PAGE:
Wednesday, September 16, 2009

France's Sarkozy calls for 'revolution' in measuring economic growth to account for well-being

In the September 14, 2009 article "France's Sarkozy calls for 'revolution' in measuring economic growth to account for well-being," Associated Press writer Emma Vandore reports that the President of France has a new proposal for measuring economic well-being:
PARIS - French President Nicolas Sarkozy asked world leaders to join a "revolution" in the measurement of economic progress by dropping their obsession with gross domestic product to account for factors such as health-care availability and leisure time.

In a speech on the first anniversary of the collapse of Lehman Brothers, Sarkozy said the financial crisis has shown the need for a better way of calculating a country's economic health.

His own country, known for its leisurely meals, long vacations and labour protections, could outshine more profit-focused economies if nations act on new recommendations in a report headed by two Nobel economists commissioned 18 months ago.

The report, presented to Sarkozy on Monday, offers a raft of factors that governments should take into account when making policy, such as environmental sustainability. But it doesn't specifically suggest a new statistical index.

Despite the lack of detail Monday, Sarkozy said the French statistics office to change the way it measures progress. But any worldwide shift would require other nations to get on board, and some economists questioned whether rethinking GDP would work.

Sarkozy will nonetheless try to persuade other world leaders to sign up to the proposals at the G20 summit in Pittsburgh, Henri Guaino, a special advisor to Sarkozy, told The Associated Press.

"A great revolution is waiting for us," Sarkozy said. "For years, people said that finance was a formidable creator of wealth, only to discover one day that it accumulated so many risks that the world almost plunged into chaos."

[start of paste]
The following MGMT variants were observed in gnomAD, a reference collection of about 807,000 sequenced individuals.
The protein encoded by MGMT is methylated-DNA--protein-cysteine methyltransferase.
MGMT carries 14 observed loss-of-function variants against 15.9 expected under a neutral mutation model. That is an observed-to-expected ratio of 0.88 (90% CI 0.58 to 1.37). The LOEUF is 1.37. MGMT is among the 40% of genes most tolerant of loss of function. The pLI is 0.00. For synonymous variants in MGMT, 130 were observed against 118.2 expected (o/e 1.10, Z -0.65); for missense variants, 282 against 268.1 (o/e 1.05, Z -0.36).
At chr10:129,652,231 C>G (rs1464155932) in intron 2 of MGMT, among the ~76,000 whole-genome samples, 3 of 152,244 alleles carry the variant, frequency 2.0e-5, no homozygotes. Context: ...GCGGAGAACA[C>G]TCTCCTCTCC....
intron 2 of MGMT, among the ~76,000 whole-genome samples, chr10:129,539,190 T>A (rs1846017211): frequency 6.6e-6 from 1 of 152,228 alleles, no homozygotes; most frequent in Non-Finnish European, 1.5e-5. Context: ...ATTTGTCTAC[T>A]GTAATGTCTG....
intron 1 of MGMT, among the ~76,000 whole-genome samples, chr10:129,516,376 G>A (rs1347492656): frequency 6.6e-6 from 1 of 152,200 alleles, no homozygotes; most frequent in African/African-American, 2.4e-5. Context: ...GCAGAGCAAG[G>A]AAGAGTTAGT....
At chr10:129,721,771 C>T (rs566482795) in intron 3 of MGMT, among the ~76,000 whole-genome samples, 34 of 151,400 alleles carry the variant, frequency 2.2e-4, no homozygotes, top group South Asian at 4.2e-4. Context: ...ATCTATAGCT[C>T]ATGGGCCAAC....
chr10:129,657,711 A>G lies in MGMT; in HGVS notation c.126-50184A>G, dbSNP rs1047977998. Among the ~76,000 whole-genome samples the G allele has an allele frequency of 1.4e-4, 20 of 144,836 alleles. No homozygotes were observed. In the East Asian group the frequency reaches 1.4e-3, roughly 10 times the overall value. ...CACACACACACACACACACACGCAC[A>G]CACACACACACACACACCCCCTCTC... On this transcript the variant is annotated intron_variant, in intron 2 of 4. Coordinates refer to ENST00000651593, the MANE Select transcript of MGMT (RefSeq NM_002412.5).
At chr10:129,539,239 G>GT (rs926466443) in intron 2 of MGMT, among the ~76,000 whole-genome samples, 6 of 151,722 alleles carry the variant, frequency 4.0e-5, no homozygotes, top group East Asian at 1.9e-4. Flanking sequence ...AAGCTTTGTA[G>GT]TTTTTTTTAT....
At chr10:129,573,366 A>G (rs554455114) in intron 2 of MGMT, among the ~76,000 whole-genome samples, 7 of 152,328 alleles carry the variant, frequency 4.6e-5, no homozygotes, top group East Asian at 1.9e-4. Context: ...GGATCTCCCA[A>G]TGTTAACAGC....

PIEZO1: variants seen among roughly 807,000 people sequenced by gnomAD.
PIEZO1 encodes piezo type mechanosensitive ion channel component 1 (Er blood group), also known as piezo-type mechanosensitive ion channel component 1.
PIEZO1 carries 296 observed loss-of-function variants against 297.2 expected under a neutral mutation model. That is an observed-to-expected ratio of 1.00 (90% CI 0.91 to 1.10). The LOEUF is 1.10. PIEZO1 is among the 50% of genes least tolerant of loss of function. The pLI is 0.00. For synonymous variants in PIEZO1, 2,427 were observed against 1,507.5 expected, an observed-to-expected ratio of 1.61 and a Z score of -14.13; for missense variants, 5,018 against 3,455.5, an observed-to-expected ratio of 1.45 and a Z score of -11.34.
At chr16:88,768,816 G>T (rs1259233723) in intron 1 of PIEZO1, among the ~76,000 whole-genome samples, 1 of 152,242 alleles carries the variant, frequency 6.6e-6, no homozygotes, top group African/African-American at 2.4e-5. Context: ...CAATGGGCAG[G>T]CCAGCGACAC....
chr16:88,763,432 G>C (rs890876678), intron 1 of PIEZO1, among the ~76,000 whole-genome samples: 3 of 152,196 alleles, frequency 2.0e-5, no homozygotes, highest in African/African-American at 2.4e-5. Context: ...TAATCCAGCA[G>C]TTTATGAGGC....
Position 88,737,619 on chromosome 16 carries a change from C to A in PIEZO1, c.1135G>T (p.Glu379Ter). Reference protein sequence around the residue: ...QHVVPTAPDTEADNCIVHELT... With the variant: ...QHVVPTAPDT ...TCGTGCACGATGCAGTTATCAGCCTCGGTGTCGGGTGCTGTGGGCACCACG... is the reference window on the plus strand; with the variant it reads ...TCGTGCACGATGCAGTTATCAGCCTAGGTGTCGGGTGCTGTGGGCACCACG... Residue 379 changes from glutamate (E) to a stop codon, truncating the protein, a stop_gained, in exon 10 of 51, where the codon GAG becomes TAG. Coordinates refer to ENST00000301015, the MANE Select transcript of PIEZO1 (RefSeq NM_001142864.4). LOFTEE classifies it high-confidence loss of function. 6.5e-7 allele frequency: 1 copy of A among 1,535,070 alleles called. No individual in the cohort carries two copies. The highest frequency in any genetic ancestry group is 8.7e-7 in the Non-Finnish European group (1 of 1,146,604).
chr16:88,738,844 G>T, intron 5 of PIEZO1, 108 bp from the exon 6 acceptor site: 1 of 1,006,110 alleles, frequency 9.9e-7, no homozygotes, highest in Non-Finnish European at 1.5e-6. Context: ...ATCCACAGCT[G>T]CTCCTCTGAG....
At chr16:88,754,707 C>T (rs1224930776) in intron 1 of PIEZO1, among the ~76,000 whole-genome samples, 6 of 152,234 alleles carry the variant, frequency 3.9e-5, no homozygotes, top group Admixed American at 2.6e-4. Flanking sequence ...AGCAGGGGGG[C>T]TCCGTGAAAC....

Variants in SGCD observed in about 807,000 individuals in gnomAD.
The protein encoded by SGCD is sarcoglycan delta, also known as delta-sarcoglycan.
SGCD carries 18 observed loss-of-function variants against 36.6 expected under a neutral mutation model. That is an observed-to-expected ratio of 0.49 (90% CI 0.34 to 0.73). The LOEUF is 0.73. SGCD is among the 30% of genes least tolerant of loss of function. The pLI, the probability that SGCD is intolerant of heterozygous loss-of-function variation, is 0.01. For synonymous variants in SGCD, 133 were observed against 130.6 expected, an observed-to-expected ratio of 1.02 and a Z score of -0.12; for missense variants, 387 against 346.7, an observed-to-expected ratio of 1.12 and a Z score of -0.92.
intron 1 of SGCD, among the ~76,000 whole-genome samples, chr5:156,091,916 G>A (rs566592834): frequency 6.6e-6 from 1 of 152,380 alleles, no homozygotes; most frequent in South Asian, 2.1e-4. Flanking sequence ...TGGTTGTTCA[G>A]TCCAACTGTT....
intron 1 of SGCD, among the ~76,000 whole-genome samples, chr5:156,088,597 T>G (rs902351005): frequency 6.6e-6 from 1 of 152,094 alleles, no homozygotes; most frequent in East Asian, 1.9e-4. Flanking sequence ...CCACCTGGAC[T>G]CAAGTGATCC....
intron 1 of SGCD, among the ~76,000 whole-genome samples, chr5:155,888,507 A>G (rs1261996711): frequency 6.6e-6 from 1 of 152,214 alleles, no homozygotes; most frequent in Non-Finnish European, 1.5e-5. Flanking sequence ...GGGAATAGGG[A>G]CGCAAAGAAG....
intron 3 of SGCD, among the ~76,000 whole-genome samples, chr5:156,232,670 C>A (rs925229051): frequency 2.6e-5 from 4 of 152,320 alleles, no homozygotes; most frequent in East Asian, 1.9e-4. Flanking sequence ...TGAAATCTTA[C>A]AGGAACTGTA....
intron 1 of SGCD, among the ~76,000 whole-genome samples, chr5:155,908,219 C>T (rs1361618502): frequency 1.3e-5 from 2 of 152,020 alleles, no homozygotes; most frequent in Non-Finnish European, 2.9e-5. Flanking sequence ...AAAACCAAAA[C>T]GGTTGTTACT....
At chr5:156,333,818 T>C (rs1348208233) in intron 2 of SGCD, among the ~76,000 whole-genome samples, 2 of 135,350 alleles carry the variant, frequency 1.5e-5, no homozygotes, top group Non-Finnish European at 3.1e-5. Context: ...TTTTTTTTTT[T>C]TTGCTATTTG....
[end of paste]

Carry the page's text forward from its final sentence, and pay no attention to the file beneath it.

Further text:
"The crisis doesn't only make us free to imagine other models, another future, another world. It obliges us to do so," he said.

Their report recommends looking at household income, consumption and wealth rather than national production for a better reflection of material living standards. Non-market activities such as house-cleaning should also be tracked, it says.

More prominence should be given to the distribution of income and wealth, as well as to access to education and health.

Attention should also be given to whether countries are over-consuming their economic wealth and damaging the environment, the report says.

Governments' addiction to inflating the GDP of their economies has endangered the planet by encouraging risky behaviour and as overconsumption triggers environmental concerns, Sarkozy said.

U.S. economist Joseph Stiglitz, winner of the 2001 Nobel economics prize and a critic of free-market economists, co-authored the report.

"GDP is an attempt to measure one part of what is going on in our society which is market production. It is what I call GDP fetichism to think success in that part is success for the economy and for society," he said.

Advising Stiglitz was Armatya Sen of India, who won the 1998 Nobel prize for work on developing countries, and helped create the U.N. Human Development Index, a yearly welfare indicator designed to gear international policy decisions to take account of health and living standards.

Stiglitz said France's ranking would rise in comparison to the U.S. because of better access to health care and because it has a lower percentage of people in jail. Active prison business boosts GDP figures but isn't a sign of economic health, he said.

The new system would also credit leisure time - which France has a lot of, he said.

Simon Tilford, chief economist at the Center for European Reform in London, said that while broader measures of well-being already exist, they are hugely subjective and don't help governments make decisions on how to allocate resources.

"There has been growing interest in trying to measure human well-being in other ways" than GDP, he said. But for understanding an economy's prospects, he said, "GDP is still a far superior measure to a type of softer, happiness or well-being index. That's not to say they're not useful, but it's hard to see how they could replace GDP."

In terms of GDP, French growth has lagged behind the U.S. throughout most of the past 30 years, although recent turmoil in financial markets has hit the U.S. economy harder.

France appears to be weathering the worst economic downturn since the Great Depression better than most, recording a small level of growth - 0.3 per cent - in the second quarter this year.

1 comment:

  1. Those with higher incomes tend to have fewer problems.